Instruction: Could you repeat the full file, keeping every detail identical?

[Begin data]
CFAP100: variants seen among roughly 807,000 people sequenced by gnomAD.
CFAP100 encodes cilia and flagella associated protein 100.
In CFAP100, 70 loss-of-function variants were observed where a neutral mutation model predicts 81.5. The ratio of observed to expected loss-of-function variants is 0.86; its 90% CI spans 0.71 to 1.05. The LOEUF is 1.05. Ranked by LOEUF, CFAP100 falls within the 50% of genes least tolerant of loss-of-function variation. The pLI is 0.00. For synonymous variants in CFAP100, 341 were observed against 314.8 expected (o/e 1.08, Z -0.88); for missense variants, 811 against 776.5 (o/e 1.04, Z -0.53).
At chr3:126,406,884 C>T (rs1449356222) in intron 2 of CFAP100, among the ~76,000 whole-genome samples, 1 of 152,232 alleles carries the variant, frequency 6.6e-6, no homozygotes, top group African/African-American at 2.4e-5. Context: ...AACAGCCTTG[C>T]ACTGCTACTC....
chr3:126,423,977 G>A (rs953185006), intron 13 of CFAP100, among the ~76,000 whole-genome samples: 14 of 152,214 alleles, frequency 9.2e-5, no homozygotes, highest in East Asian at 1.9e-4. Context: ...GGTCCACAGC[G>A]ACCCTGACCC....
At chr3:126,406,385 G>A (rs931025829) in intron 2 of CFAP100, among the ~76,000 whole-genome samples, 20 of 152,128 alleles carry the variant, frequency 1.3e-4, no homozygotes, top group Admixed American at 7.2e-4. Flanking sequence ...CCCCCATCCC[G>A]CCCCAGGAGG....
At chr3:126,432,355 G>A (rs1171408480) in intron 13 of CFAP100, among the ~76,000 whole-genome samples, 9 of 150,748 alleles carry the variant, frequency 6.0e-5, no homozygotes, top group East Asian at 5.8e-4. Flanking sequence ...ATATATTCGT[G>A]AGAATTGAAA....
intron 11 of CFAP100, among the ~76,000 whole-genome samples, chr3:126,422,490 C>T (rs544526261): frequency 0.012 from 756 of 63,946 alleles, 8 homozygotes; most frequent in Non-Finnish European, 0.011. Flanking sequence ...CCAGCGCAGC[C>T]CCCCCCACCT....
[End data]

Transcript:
CFAP100: variants seen among roughly 807,000 people sequenced by gnomAD.
CFAP100 encodes cilia and flagella associated protein 100.
In CFAP100, 70 loss-of-function variants were observed where a neutral mutation model predicts 81.5. The ratio of observed to expected loss-of-function variants is 0.86; its 90% CI spans 0.71 to 1.05. The LOEUF is 1.05. Ranked by LOEUF, CFAP100 falls within the 50% of genes least tolerant of loss-of-function variation. The pLI is 0.00. For synonymous variants in CFAP100, 341 were observed against 314.8 expected (o/e 1.08, Z -0.88); for missense variants, 811 against 776.5 (o/e 1.04, Z -0.53).
At chr3:126,406,884 C>T (rs1449356222) in intron 2 of CFAP100, among the ~76,000 whole-genome samples, 1 of 152,232 alleles carries the variant, frequency 6.6e-6, no homozygotes, top group African/African-American at 2.4e-5. Context: ...AACAGCCTTG[C>T]ACTGCTACTC....
chr3:126,423,977 G>A (rs953185006), intron 13 of CFAP100, among the ~76,000 whole-genome samples: 14 of 152,214 alleles, frequency 9.2e-5, no homozygotes, highest in East Asian at 1.9e-4. Context: ...GGTCCACAGC[G>A]ACCCTGACCC....
At chr3:126,406,385 G>A (rs931025829) in intron 2 of CFAP100, among the ~76,000 whole-genome samples, 20 of 152,128 alleles carry the variant, frequency 1.3e-4, no homozygotes, top group Admixed American at 7.2e-4. Flanking sequence ...CCCCCATCCC[G>A]CCCCAGGAGG....
At chr3:126,432,355 G>A (rs1171408480) in intron 13 of CFAP100, among the ~76,000 whole-genome samples, 9 of 150,748 alleles carry the variant, frequency 6.0e-5, no homozygotes, top group East Asian at 5.8e-4. Flanking sequence ...ATATATTCGT[G>A]AGAATTGAAA....
intron 11 of CFAP100, among the ~76,000 whole-genome samples, chr3:126,422,490 C>T (rs544526261): frequency 0.012 from 756 of 63,946 alleles, 8 homozygotes; most frequent in Non-Finnish European, 0.011. Flanking sequence ...CCAGCGCAGC[C>T]CCCCCCACCT....